AUSTIN (KXAN) – When you see severe weather, many of us will text the information to friends or your favorite news station. But if you’re in the middle of that violent weather and need help, forget about texting 911 for at least a year, regional emergency managers say.
The Capital Area Council of Governments oversees 31 public safety answering points in 10 counties. Last summer it began installing a $5 million Canadian-made computer-aided dispatch software called Solacom. It has the capability to accept text messages and in the years ahead, calls for help from other social media.
Other applications for the text-to-911 include situations where a voice 911 call would give someone’s location away to a burglar or an abusive spouse. Text-to-911 also allows the hearing impaired to avoid relay systems that can slow down emergency response.
And while FCC data show more than 20 smaller Texas communities mainly on Verizon’s mobile network in the north part of the state have tested text-to-911 systems since last summer, the extensive testing continues in Central Texas where four providers share the wireless telecom space.
“Verizon and T-Mobile are the furthest along. AT&T and Sprint are close behind,” said Gregg Obuch CAPCOG’s Emergency Coordinator. “So we want to make sure all of them are ready and we’re not going to make a mess of this when ever it comes time to text.”
Obuch speculates that will be sometime in mid-2015.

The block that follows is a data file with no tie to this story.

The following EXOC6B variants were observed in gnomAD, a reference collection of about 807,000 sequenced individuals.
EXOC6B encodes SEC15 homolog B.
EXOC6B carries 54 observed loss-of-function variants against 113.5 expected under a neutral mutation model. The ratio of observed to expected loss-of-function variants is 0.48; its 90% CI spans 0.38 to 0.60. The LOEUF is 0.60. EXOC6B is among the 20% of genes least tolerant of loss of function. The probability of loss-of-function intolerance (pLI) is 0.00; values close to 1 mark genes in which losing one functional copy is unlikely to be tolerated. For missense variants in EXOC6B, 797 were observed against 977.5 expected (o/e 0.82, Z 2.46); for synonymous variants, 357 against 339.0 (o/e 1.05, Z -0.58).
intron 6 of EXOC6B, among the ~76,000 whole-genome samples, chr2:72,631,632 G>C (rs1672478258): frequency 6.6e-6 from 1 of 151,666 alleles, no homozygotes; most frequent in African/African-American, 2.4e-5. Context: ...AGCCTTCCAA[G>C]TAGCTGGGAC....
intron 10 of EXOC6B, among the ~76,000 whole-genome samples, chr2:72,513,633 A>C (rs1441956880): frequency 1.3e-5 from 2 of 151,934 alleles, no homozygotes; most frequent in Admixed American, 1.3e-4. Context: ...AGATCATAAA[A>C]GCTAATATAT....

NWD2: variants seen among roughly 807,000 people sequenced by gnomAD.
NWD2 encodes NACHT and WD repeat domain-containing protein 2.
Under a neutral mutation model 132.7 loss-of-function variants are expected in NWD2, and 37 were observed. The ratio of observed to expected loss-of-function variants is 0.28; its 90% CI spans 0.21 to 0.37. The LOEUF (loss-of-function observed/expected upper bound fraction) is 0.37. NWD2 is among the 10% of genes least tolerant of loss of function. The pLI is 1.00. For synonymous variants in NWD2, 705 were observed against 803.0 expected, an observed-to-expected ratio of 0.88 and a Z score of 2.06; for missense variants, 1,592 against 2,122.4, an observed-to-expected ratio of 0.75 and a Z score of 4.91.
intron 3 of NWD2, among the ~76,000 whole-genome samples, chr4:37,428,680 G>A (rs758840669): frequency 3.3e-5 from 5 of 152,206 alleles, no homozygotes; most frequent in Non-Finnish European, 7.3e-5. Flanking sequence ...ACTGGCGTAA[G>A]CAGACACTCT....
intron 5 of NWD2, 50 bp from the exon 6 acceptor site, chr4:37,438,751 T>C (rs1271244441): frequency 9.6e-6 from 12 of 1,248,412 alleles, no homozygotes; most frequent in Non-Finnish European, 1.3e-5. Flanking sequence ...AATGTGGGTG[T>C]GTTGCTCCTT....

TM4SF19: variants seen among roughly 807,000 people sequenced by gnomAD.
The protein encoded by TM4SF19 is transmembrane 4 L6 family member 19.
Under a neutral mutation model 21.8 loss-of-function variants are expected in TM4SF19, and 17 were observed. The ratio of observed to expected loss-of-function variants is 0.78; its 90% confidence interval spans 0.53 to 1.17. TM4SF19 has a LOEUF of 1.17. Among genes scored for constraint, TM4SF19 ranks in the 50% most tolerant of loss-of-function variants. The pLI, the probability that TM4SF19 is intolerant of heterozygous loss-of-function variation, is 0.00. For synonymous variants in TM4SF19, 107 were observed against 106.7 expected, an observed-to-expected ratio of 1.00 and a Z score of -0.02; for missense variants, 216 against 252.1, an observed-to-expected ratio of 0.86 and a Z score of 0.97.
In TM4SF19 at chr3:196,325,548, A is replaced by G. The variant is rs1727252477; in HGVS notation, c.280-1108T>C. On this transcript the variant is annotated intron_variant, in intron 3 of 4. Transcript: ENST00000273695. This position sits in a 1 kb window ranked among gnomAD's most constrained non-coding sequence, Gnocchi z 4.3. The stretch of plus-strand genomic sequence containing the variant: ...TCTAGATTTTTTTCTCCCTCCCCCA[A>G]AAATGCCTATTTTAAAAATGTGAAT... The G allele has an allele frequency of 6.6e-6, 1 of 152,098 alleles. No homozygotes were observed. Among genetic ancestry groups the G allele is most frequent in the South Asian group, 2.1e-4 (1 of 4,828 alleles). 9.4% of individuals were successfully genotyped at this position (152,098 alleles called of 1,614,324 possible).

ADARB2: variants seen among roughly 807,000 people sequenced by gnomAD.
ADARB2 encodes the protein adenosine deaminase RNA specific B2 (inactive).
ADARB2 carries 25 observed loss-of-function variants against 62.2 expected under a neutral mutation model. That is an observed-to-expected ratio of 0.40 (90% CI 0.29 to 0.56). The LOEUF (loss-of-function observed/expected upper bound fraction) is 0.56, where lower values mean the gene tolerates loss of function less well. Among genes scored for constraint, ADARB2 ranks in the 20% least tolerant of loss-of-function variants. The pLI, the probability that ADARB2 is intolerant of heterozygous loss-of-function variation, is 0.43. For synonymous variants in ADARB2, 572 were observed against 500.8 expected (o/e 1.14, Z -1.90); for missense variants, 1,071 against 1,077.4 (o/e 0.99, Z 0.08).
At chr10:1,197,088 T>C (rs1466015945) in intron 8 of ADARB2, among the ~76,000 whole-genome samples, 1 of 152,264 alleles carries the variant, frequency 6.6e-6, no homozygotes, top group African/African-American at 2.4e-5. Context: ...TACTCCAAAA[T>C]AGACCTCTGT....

Not just because of the technological challenge of merging four different text messaging providers, he says, but also making sure those 911 centers are ready to accept the incoming messages.
Software ‘reliable’ but not without glitches
Sources at area 911 centers say that will involve training call center staff on a separate computer screen and interacting with it – on top of multiple tasks in an often stressful emergency environment.
While Obuch maintains the software is ‘reliable’ and callers today will get through to a live person to redirect them to police, fire or EMS, it has not been without its challenges according to staff inside Austin’s 911 call center where Solacom was installed last October.
More than 130 trouble tickets obtained by KXAN and sent to Solacom’s maintenance freezing or rebooting itself. The most obvious was a lengthy outage in mid-December where Austin 911 calls were re-routed to other area call centers.
In April, Austin Police Chief Art Acevedo told KXAN he is frustrated and wants the software glitches fixed as quickly as possible.
Obuch says the reported Solacom issues have nothing to do with the pace of the rollout of the text-to-911 service. He suggests Central Texas will be one of the first in the nation to have true ‘next generation 911’ when the launch happens.
“We’re used to texting back and forth. But SMS texting is what’s called a ‘best effort’ service. There’s no guarantee that text message is going to go through,” said Obuch.
Right now, if you text a message to ‘911’ mobile providers have been asked to make sure you receive a bounce back message.